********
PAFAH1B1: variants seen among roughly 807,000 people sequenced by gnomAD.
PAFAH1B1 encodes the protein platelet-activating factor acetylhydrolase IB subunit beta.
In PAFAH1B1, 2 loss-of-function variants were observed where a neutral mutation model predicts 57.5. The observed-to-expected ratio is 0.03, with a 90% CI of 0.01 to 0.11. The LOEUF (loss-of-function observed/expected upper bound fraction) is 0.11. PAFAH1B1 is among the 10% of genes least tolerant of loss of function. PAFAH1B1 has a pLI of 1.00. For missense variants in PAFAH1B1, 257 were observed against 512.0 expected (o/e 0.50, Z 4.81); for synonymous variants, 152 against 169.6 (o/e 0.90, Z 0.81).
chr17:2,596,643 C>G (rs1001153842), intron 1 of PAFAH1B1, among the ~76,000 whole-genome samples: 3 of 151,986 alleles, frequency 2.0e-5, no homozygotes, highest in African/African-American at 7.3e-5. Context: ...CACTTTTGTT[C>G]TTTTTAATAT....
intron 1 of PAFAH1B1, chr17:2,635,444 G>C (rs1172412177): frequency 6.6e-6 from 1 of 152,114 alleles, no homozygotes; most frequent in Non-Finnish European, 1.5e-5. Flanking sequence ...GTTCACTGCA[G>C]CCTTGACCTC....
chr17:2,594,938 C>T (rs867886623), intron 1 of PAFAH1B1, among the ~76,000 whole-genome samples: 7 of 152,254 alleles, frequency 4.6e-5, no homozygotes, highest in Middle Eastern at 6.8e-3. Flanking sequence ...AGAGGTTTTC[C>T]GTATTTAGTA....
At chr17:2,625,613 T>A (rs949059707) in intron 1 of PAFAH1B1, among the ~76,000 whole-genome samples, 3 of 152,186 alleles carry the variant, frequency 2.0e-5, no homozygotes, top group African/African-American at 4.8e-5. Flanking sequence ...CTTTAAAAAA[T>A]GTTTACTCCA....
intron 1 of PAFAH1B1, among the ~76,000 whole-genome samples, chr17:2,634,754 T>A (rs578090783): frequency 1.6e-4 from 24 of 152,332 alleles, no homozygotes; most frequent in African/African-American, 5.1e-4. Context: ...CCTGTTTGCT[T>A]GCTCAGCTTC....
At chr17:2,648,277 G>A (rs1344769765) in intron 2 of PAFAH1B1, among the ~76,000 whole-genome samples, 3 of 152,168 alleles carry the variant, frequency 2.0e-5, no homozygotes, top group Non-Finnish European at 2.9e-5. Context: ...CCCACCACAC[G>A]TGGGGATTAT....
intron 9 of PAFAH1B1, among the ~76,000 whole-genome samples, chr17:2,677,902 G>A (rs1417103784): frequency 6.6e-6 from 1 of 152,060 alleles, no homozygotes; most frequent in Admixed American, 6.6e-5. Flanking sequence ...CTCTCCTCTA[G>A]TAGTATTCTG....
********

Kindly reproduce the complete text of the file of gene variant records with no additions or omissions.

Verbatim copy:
PAFAH1B1: variants seen among roughly 807,000 people sequenced by gnomAD.
PAFAH1B1 encodes the protein platelet-activating factor acetylhydrolase IB subunit beta.
In PAFAH1B1, 2 loss-of-function variants were observed where a neutral mutation model predicts 57.5. The observed-to-expected ratio is 0.03, with a 90% CI of 0.01 to 0.11. The LOEUF (loss-of-function observed/expected upper bound fraction) is 0.11. PAFAH1B1 is among the 10% of genes least tolerant of loss of function. PAFAH1B1 has a pLI of 1.00. For missense variants in PAFAH1B1, 257 were observed against 512.0 expected (o/e 0.50, Z 4.81); for synonymous variants, 152 against 169.6 (o/e 0.90, Z 0.81).
chr17:2,596,643 C>G (rs1001153842), intron 1 of PAFAH1B1, among the ~76,000 whole-genome samples: 3 of 151,986 alleles, frequency 2.0e-5, no homozygotes, highest in African/African-American at 7.3e-5. Context: ...CACTTTTGTT[C>G]TTTTTAATAT....
intron 1 of PAFAH1B1, chr17:2,635,444 G>C (rs1172412177): frequency 6.6e-6 from 1 of 152,114 alleles, no homozygotes; most frequent in Non-Finnish European, 1.5e-5. Flanking sequence ...GTTCACTGCA[G>C]CCTTGACCTC....
chr17:2,594,938 C>T (rs867886623), intron 1 of PAFAH1B1, among the ~76,000 whole-genome samples: 7 of 152,254 alleles, frequency 4.6e-5, no homozygotes, highest in Middle Eastern at 6.8e-3. Flanking sequence ...AGAGGTTTTC[C>T]GTATTTAGTA....
At chr17:2,625,613 T>A (rs949059707) in intron 1 of PAFAH1B1, among the ~76,000 whole-genome samples, 3 of 152,186 alleles carry the variant, frequency 2.0e-5, no homozygotes, top group African/African-American at 4.8e-5. Flanking sequence ...CTTTAAAAAA[T>A]GTTTACTCCA....
intron 1 of PAFAH1B1, among the ~76,000 whole-genome samples, chr17:2,634,754 T>A (rs578090783): frequency 1.6e-4 from 24 of 152,332 alleles, no homozygotes; most frequent in African/African-American, 5.1e-4. Context: ...CCTGTTTGCT[T>A]GCTCAGCTTC....
At chr17:2,648,277 G>A (rs1344769765) in intron 2 of PAFAH1B1, among the ~76,000 whole-genome samples, 3 of 152,168 alleles carry the variant, frequency 2.0e-5, no homozygotes, top group Non-Finnish European at 2.9e-5. Context: ...CCCACCACAC[G>A]TGGGGATTAT....
intron 9 of PAFAH1B1, among the ~76,000 whole-genome samples, chr17:2,677,902 G>A (rs1417103784): frequency 6.6e-6 from 1 of 152,060 alleles, no homozygotes; most frequent in Admixed American, 6.6e-5. Flanking sequence ...CTCTCCTCTA[G>A]TAGTATTCTG....